Clean & Healthy Creeks

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When you take a shower or wash clothes in your home, the rinse water goes down the drain and into the sewer system to be treated. Outside your home, things are very different. Everything that flows into a storm drain goes untreated directly into our local creeks and ultimately, into the ocean. Our nearby wildlife, plants, and humans are dependent upon these bodies of water for habitat, livelihood and recreation. Unfortunately, the stormwater runoff from our urban Cityscape that enters the local watershed is often polluted by pesticides, fertilizers, litter, pet waste, motor oil, eroded soil, and household chemicals.

Stormwater is managed through implementation of the City’s National Pollutant Discharge Elimination System (NPDES) permit.

Stormwater partners meet monthly in Morgan Hill. May 2023 South County Stormwater Agenda (PDF)

A stormdrain is located at the end of most street blocks and is commonly mistaken as a sewer.

Visit the Stormwater and Urban Runoff Management webpage for more information and requirements for construction and post-construction requirements. 

Stormwater is Untreated

The purpose of a storm drain is to direct rainwater into rivers, creeks, streams, and other large bodies of water to prevent flooding in the City. Stormdrain water is not treated, and will end up in one of two places:

  • Reservoirs used for drinking water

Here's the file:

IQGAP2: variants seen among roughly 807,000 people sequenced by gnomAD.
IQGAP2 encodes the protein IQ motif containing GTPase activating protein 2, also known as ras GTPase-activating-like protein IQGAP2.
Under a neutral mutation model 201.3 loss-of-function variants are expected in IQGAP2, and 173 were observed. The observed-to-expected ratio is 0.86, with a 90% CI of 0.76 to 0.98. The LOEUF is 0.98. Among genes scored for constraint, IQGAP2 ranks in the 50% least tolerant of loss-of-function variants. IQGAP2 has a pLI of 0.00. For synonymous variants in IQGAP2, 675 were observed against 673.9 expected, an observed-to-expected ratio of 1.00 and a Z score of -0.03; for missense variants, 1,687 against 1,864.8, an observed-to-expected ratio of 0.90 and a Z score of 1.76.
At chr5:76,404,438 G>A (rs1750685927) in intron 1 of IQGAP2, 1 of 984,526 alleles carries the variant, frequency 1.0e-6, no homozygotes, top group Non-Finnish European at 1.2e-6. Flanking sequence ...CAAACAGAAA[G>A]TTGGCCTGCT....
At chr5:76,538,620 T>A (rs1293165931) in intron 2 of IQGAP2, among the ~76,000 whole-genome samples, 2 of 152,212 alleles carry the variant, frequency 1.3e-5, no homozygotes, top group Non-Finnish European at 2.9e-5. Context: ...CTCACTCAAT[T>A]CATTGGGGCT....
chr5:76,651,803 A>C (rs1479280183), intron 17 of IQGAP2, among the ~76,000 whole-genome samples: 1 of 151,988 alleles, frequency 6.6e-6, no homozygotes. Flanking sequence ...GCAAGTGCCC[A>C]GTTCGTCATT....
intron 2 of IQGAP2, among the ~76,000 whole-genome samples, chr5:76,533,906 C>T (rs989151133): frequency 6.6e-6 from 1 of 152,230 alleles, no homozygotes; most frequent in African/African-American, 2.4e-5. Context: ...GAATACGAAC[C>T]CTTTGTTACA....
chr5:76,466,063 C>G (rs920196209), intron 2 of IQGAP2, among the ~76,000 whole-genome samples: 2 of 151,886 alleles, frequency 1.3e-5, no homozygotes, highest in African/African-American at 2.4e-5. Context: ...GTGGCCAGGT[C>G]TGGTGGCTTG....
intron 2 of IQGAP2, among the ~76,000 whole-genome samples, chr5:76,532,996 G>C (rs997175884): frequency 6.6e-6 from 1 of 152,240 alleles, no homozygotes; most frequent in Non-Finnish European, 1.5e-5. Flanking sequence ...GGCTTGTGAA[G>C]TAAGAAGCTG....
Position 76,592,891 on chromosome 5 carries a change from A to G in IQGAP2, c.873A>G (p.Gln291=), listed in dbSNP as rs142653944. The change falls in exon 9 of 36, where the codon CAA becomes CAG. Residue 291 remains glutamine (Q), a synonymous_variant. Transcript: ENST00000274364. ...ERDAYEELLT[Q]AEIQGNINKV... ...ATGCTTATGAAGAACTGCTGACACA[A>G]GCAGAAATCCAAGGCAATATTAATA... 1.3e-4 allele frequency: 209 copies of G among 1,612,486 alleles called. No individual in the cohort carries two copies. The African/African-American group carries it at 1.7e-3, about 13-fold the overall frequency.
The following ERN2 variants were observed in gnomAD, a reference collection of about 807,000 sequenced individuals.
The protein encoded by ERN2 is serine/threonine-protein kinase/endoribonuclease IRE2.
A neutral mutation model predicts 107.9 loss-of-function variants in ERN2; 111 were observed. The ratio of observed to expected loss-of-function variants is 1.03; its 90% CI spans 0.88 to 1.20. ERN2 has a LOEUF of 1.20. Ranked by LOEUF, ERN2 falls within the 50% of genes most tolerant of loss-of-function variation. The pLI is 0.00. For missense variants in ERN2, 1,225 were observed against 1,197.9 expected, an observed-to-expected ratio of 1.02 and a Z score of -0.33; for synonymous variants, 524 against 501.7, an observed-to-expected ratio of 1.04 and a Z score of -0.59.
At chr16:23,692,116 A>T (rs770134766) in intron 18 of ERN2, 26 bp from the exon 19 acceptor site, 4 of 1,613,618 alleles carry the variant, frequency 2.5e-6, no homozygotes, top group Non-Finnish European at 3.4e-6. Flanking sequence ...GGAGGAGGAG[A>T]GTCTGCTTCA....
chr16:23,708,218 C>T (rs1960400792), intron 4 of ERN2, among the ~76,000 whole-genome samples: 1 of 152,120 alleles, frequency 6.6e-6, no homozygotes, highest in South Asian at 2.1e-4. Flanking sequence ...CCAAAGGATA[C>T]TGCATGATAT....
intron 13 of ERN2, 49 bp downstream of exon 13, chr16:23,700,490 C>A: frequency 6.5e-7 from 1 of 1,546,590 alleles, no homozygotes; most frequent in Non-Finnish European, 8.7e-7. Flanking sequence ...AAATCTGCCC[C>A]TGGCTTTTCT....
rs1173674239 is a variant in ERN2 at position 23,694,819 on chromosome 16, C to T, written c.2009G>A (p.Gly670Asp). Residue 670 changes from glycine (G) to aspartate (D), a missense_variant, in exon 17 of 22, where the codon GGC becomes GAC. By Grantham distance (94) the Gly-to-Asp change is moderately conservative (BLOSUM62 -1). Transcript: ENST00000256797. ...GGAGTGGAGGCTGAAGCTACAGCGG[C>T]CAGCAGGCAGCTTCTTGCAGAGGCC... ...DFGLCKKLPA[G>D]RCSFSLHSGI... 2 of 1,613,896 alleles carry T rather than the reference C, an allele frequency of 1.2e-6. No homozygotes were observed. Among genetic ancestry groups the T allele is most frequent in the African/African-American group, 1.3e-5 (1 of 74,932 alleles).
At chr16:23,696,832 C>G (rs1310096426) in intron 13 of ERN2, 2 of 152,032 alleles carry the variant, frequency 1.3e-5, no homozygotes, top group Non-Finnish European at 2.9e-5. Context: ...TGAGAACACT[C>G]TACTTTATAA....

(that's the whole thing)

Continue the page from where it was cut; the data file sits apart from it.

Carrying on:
• Local creeks and the bay used for recreation and by wildlife

For more information, contact the Environmental Services Division.

Did You Know?

Storm water in Morgan Hill flows all the way to Monterey Bay. There are many activities that take place on-land that may end up in our waterways through storm water runoff.

Common Sources of Storm Water Pollution

  • Antifreeze
  • Fertilizers and pesticides
  • Fluid leaks from vehicles
  • Household cleaners
  • Motor oil
  • Overwatering landscapes
  • Paint
  • Pet waste left on lawns and streets
  • Smog from vehicles
  • Soap and dirt from washing vehicles
  • Weed killers
  • Yard Waste

How Urban Runoff Gets into Our Waterways

Stormwater Management (Credit: Town of Maynard, Massachusetts) 

Save Our Water, Creeks & Bay Now

Educational Resources

Brochures and other informational materials describing how you can prevent stormwater pollution are available for business owners, residents, home gardeners, teachers, and students to download at My Watershed website.

Valley Water has an extensive outreach program that includes teacher training seminars, highly-regarded classroom programs, and curriculum materials available online. 

The Environmental Protection Agency (EPA) website includes Water Education training activities for kids.

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